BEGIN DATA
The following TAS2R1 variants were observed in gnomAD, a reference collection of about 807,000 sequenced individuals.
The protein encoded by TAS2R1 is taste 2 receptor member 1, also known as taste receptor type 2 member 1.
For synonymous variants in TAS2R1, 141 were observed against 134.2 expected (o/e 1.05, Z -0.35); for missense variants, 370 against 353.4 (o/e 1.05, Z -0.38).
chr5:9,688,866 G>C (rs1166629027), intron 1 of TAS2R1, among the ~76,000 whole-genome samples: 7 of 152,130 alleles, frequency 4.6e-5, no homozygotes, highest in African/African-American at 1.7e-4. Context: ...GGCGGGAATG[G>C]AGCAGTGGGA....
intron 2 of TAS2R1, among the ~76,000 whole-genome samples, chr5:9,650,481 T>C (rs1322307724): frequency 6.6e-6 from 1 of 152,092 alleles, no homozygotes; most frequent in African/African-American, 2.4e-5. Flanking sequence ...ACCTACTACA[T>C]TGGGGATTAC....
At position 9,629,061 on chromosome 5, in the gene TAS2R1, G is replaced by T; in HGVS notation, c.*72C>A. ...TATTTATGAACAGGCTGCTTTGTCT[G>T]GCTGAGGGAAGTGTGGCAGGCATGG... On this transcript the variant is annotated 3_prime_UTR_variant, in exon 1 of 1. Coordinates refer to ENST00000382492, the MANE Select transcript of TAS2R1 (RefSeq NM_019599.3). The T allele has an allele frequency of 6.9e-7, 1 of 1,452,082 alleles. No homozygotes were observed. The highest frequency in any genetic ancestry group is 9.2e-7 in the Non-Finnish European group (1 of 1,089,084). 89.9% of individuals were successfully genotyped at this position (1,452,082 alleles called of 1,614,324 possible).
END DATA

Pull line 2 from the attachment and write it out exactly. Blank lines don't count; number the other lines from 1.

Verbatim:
The protein encoded by TAS2R1 is taste 2 receptor member 1, also known as taste receptor type 2 member 1.